The cell phones of nearly three dozen journalists and activists in El Salvador, some of whom have investigated alleged state corruption, have been hacked since mid-2020 and equipped with sophisticated spyware usually only available to governments and law enforcement, the Canadian research institute said. found.
The alleged hacks, which came amid an increasingly hostile environment in El Salvador for media and human rights organizations under populist President Naib Bukele, were uncovered late last year by Citizen Lab, a spyware study at the University of Toronto’s Munch School of Global Relations. Human rights group Amnesty International, which collaborated with Citizen Lab in the investigation, says it later confirmed a sample of Citizen Lab’s findings through its own technology arm.
Citizen Lab said it found evidence of phone intrusions that occurred between July 2020 and November 2021. She said she could not establish who was responsible for deploying Israel-developed spyware. The software, known as Pegasus, was bought by government agencies around the world, some of which used the tool to monitor journalists.
During the attack in El Salvador, the close scrutiny of editors, reporters and activists working in that only Central American country indicates a local client with a particular interest in their work, according to Scott-Railton, a senior fellow at Citizen Lab.
“I can’t think of a time in which near-exclusive targeting of Pegasus in one country wasn’t a user in that country,” said Scott-Railton.
Released by Citizen Lab report according to his findings on Wednesday.
In a statement to Reuters, Bukele’s public relations department said the El Salvadorian government is not a client of NSO Group Technologies, the company behind Pegasus. It says the administration is investigating the alleged hack and has information that some senior administration officials may have also entered their phones.
“We have indications that we government officials are also victims of attacks,” the statement said.
Pegasus allows users to steal encrypted messages, photos, contacts, documents and other confidential information from infected phones without the user’s knowledge. It can also turn phones into eavesdropping devices by silently activating their cameras and microphones, according to product guidelines reviewed by Reuters.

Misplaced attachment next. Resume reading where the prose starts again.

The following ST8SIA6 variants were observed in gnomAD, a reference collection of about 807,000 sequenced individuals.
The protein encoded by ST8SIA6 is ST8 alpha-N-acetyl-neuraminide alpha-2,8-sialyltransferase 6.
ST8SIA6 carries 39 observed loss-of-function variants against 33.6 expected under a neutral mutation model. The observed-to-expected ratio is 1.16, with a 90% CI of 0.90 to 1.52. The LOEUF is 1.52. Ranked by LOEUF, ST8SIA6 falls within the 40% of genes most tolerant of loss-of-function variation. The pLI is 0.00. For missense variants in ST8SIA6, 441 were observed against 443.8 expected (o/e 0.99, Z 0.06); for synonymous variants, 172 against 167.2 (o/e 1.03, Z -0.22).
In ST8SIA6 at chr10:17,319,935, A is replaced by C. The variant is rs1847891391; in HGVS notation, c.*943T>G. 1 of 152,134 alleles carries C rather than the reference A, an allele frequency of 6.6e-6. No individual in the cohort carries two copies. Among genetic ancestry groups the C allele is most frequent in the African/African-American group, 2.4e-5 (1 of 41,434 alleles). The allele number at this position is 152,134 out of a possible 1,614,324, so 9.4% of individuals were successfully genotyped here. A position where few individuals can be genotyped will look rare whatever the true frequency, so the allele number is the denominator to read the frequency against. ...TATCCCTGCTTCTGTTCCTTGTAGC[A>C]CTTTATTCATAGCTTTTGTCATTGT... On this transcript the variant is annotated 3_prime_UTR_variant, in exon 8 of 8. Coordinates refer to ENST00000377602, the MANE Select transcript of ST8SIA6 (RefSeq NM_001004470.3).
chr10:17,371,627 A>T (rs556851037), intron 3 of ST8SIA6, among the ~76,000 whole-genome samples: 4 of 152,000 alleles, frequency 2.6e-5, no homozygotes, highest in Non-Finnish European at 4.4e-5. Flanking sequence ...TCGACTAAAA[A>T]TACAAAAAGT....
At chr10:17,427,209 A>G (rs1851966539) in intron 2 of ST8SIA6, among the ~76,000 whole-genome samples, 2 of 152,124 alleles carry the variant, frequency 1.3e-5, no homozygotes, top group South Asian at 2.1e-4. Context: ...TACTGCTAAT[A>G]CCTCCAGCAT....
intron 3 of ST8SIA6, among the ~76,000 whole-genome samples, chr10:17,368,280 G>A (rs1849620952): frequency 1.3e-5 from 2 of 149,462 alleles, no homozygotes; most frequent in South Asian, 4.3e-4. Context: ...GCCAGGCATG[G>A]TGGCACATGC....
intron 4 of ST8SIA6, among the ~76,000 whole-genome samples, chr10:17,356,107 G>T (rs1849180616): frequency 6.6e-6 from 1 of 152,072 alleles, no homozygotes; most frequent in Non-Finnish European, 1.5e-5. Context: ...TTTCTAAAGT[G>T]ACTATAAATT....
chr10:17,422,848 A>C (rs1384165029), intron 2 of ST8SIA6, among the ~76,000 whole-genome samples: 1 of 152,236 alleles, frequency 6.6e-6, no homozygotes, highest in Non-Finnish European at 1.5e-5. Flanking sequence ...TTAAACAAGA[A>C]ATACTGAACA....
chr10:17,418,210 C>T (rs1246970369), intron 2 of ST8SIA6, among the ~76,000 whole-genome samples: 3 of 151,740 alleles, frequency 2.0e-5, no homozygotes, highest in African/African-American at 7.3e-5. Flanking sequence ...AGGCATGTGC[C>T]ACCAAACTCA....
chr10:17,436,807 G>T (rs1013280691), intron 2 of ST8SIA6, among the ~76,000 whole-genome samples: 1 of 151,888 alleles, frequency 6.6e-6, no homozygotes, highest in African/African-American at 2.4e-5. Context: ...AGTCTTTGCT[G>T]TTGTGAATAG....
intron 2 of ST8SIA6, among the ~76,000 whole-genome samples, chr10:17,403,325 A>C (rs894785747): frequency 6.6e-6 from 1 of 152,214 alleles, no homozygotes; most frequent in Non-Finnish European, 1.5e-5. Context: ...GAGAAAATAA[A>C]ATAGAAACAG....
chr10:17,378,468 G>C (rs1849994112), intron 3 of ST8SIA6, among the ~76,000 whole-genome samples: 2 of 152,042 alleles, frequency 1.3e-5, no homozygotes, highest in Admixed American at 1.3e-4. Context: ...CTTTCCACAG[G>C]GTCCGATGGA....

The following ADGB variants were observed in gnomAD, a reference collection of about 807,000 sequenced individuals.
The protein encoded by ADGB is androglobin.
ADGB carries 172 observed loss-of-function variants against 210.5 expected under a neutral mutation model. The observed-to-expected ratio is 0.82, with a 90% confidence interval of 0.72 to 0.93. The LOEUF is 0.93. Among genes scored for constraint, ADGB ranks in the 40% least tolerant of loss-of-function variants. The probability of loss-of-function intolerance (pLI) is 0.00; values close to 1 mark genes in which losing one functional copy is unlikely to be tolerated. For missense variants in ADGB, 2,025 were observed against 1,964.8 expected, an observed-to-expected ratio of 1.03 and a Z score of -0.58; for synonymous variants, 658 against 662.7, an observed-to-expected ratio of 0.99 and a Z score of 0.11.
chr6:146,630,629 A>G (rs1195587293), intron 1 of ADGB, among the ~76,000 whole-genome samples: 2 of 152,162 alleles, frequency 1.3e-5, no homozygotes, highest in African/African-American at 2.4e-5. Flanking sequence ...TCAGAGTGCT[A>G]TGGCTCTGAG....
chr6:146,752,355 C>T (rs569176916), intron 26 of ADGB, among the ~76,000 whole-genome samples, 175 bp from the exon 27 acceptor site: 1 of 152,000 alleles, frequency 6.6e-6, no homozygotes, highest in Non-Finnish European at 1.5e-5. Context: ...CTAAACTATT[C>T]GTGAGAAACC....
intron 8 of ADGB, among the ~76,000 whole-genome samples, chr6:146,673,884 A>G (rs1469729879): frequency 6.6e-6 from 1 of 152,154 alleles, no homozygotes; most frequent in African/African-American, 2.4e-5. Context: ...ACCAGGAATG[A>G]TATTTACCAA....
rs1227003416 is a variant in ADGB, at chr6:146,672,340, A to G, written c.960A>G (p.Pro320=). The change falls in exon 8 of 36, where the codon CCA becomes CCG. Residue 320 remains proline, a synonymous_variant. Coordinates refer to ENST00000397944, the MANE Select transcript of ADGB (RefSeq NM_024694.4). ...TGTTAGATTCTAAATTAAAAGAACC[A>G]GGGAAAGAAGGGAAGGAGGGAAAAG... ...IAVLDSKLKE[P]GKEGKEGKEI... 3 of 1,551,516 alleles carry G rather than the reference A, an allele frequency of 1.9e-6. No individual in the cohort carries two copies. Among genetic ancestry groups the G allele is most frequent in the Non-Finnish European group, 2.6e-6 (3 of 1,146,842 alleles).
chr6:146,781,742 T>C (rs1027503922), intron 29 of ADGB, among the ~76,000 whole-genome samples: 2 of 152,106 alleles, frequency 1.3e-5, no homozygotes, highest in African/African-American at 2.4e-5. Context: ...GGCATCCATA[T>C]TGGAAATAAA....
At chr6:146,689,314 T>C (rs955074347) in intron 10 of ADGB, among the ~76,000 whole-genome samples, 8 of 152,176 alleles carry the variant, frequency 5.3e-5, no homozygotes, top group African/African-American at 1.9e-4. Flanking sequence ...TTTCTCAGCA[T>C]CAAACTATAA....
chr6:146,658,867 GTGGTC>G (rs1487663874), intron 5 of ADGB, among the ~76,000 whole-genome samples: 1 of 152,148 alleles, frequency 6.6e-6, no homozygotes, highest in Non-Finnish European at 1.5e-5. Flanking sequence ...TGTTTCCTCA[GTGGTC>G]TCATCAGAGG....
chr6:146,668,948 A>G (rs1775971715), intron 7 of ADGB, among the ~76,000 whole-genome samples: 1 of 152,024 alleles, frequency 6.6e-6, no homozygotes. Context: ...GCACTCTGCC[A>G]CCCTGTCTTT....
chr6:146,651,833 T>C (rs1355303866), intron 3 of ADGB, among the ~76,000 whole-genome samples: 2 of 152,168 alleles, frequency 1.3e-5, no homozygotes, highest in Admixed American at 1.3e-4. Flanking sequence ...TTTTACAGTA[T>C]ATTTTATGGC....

NSO, which has long kept its client list confidential, declined to comment on whether El Salvador was a Pegasus client. The company said in a statement that it only sells its products to “trusted and legitimate” intelligence and crime-fighting law enforcement agencies and that it does not participate in surveillance operations. The NSO said it has a zero-tolerance policy for the misuse of its spyware for activities such as tracking dissidents, activists and journalists, and that it has terminated contracts with some of the clients who did so.
Citizen Lab researchers said they began forensic investigations of phones in El Salvador in September after they were contacted by two journalists who suspected their devices might be compromised.
The researchers said they ultimately found evidence that spyware was installed on 37 devices belonging to three advocacy groups, six news outlets and a freelance journalist.
The online news site El Faro was hit hardest. Citizen Lab researchers said they found traces of spyware infections on the mobile phones of 22 reporters, editors and administrative staff – more than two-thirds of the company’s staff – and evidence that data had been stolen from many of these devices, including several. from which several gigabytes of material have been extracted.
According to Citizen Lab, El Faro was under constant surveillance for at least 17 months, from June 29, 2020 to November 23, 2021, with editor-in-chief Oscar Martinez’s phone tapped at least 42 times.
“I find it hard to think or conclude that there was something other than the El Salvadorian government behind the alleged break-ins,” Martinez said. “There is clearly a radical interest in understanding what El Faro is doing.”
During the alleged infiltration of the Pegasus, El Faro reported extensively on scandals involving the Bukele government, including allegations that he was negotiating a financial deal with El Salvador’s violent street gangs to lower the murder rate to boost popular support for the president’s New Ideas party “. …
Bukele, who often argues with the press, publicly denounced El Faro’s coverage of these alleged negotiations as “laughable” and “false information” in a September 3, 2020 Twitter post.
Phone tracking is nothing new in El Salvador, according to Citizen Lab. It is stated that in 2020 report that El Salvador was among at least 25 countries using mass surveillance technology developed by Israeli company Circles. Circles technology differs from Pegasus in that it collects data from the global telephone network rather than installing spyware on specific devices. The report claims that the Circles system has been operating in El Salvador since 2017.
Circles may not be immediately available for comment.
Sofia Medina, Bukele’s public relations secretary, noted that his administration was not in power in 2017 and said without providing evidence that the alleged Pegasus attacks appear to be a continuation of surveillance launched by an unknown “powerful group.”
The latest Citizen Lab investigation in El Salvador was carried out in collaboration with Digital Rights Advocacy Group Access Now with assistance from advocacy groups Frontline Defenders, SocialTIC and Fundacion Acceso.
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